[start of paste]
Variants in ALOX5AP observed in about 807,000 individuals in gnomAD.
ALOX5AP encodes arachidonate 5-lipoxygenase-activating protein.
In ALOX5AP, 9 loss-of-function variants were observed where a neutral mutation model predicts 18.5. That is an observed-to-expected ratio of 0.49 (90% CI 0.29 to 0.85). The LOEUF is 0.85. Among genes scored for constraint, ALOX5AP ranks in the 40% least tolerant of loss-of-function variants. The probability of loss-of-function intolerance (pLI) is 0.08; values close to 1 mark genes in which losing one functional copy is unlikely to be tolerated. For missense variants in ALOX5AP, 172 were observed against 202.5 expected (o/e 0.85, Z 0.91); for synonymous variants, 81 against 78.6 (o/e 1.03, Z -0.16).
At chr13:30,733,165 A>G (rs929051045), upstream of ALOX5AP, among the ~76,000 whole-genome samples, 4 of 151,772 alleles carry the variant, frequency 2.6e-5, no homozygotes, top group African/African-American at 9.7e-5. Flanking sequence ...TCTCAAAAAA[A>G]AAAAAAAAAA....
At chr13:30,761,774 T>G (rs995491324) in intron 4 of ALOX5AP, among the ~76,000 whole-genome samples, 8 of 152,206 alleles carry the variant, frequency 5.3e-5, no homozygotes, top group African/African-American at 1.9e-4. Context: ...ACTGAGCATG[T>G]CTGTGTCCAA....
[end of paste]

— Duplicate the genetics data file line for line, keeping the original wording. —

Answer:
Variants in ALOX5AP observed in about 807,000 individuals in gnomAD.
ALOX5AP encodes arachidonate 5-lipoxygenase-activating protein.
In ALOX5AP, 9 loss-of-function variants were observed where a neutral mutation model predicts 18.5. That is an observed-to-expected ratio of 0.49 (90% CI 0.29 to 0.85). The LOEUF is 0.85. Among genes scored for constraint, ALOX5AP ranks in the 40% least tolerant of loss-of-function variants. The probability of loss-of-function intolerance (pLI) is 0.08; values close to 1 mark genes in which losing one functional copy is unlikely to be tolerated. For missense variants in ALOX5AP, 172 were observed against 202.5 expected (o/e 0.85, Z 0.91); for synonymous variants, 81 against 78.6 (o/e 1.03, Z -0.16).
At chr13:30,733,165 A>G (rs929051045), upstream of ALOX5AP, among the ~76,000 whole-genome samples, 4 of 151,772 alleles carry the variant, frequency 2.6e-5, no homozygotes, top group African/African-American at 9.7e-5. Flanking sequence ...TCTCAAAAAA[A>G]AAAAAAAAAA....
At chr13:30,761,774 T>G (rs995491324) in intron 4 of ALOX5AP, among the ~76,000 whole-genome samples, 8 of 152,206 alleles carry the variant, frequency 5.3e-5, no homozygotes, top group African/African-American at 1.9e-4. Context: ...ACTGAGCATG[T>G]CTGTGTCCAA....